Books are still best
On campus, in the media, and in academic literature, there has been a growing concern about the shrinking attention spans of modern Americans. The evidence is everywhere. Facebook ads fly by at record rates. Students ignore their professors’ lectures so they can check their text messages. And the length of news articles has dwindled so […]
Yes, There Is A Reproducibility Crisis In The Social Sciences
Since the Enlightenment, advances in science have improved the world in innumerable ways: from Jonas Salk’s polio vaccine to Norman Borlaug’s Green Revolution. Dedicated researchers and technicians have worked tirelessly and sometimes slowly, applying the scientific method to address society’s most pressing problems. Such advances require careful attention to detail and application of the scientific […]
Can Genetics Research Improve Education?
The journal Nature Genetics published a study on July 23 that has sent the education observers into an uproar. The study was a collaboration by dozens of researchers using genetic data from more than 1 million people. The researchers identified more than 1,000 data variants that are correlated with educational attainment. But is this a […]
Textbook Prices are off the charts. Are Open Educational Resources the Answer?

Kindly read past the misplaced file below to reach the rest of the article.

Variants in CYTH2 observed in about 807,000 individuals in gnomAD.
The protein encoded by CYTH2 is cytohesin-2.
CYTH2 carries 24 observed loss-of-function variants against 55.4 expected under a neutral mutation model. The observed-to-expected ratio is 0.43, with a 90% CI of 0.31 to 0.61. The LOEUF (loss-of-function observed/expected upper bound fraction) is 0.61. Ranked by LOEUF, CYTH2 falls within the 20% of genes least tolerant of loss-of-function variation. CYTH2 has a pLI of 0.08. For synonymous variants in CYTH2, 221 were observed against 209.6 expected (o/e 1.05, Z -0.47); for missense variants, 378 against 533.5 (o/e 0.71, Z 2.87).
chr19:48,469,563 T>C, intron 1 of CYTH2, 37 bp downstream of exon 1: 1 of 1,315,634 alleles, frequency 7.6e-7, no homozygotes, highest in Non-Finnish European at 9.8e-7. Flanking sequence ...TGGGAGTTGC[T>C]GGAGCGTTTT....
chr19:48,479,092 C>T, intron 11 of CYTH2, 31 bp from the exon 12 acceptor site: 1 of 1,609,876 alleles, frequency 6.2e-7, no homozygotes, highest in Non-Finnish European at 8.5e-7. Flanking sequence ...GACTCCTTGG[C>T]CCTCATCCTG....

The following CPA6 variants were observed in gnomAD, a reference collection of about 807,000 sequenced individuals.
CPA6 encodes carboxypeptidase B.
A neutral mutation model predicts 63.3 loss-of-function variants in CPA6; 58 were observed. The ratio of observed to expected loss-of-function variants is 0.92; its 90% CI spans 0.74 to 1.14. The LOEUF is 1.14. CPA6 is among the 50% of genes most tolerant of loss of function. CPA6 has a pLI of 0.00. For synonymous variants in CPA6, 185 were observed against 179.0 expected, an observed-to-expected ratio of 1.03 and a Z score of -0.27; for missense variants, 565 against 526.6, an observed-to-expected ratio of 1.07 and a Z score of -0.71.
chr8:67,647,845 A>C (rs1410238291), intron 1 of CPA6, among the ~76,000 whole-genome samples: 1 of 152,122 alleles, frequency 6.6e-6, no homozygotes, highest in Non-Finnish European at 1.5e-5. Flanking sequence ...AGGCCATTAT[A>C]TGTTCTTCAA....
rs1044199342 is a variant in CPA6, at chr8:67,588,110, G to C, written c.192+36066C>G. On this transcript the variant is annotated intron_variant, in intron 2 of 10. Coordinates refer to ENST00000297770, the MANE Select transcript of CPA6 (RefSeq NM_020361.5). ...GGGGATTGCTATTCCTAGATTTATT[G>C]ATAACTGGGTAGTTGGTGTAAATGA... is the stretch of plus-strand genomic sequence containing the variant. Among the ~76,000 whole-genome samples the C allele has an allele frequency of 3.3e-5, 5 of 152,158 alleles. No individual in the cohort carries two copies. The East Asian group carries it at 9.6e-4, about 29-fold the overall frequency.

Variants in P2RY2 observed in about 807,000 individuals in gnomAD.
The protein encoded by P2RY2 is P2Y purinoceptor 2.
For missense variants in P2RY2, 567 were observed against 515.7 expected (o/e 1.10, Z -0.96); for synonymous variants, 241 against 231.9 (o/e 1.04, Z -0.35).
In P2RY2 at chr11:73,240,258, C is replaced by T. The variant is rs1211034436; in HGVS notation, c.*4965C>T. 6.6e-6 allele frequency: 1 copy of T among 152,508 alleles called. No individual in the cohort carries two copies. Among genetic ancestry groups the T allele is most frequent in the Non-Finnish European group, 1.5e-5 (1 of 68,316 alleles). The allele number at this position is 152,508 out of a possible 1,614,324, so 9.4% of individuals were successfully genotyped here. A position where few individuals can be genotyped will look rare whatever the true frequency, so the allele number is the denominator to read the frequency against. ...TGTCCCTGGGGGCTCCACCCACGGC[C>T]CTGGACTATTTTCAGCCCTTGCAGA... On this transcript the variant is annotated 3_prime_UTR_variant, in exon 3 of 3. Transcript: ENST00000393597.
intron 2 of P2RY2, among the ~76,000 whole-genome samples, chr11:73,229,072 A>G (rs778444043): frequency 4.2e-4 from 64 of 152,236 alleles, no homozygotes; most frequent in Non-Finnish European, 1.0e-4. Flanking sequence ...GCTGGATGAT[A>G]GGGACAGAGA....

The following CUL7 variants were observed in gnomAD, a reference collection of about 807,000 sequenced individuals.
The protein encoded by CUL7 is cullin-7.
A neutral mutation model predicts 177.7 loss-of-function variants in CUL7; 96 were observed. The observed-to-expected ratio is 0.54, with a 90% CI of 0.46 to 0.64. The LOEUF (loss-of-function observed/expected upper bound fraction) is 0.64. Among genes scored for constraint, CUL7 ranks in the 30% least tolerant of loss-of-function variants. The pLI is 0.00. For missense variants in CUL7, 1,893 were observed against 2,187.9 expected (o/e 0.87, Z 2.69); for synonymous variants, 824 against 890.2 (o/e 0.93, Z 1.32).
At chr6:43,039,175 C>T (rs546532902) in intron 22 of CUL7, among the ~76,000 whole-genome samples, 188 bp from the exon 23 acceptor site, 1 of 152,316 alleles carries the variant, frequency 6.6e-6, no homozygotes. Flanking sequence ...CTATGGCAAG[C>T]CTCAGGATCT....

A 2013 study by the Government Accountability Office revealed that the price of college textbooks rose 82 percent between 2002 and 2013, more than three times the rate of inflation. Data from the College Board put those figures into perspective: the average college student spends about $1,200 per year on books and supplies. This is […]
It’s No Wonder Students Can’t Pay Their Debts–Colleges Blur Loan Requirements
A new report by New America and uAspire concludes that financial aid award letters are often too confusing to be useful to prospective students. The report, entitled “Decoding the Cost of College: The Case for Transparent Financial Aid Award Letters” lambasted award letters for obfuscating useful information about loans. It concluded, “award letters lack consistency […]
An Army of Low-Level Administrators
In 2010, Jay P. Greene released an eye-opening report, “Administrative Bloat at American Universities: The Real Reason for High Costs in Higher Education.” He wrote: “Between 1993 and 2007, the number of full-time administrators per 100 students at America’s leading universities grew by 39 percent, while the number of employees engaged in teaching, research or […]
Yes, STEM majors earn more
We all know the conventional wisdom: STEM majors earn more than humanities and liberal arts majors. Year after year, parents and pundits exhort students to choose practical majors so they can get good jobs, pay off their student loans, and prosper in a modern economy. But how much truth is there in the conventional wisdom? […]
Reform Group Proposes Big Changes to College Athletics
College sports are ripe for reform. If adopted, the Drake Group’s proposals will go a long way to combat the increased commercialization of college athletics and put the “student” back in student-athlete.
Adult Students Are the New Normal
America’s image of college students as 18-year-olds ambling through leafy quads or attending weekend football games is woefully out of date.
How the Higher Education Act Can Support Innovation in Higher Education
A new report by the Clayton Christensen Institute alleges that American higher education, once the envy of the world, is no longer living up to its promise to students, employers, or society.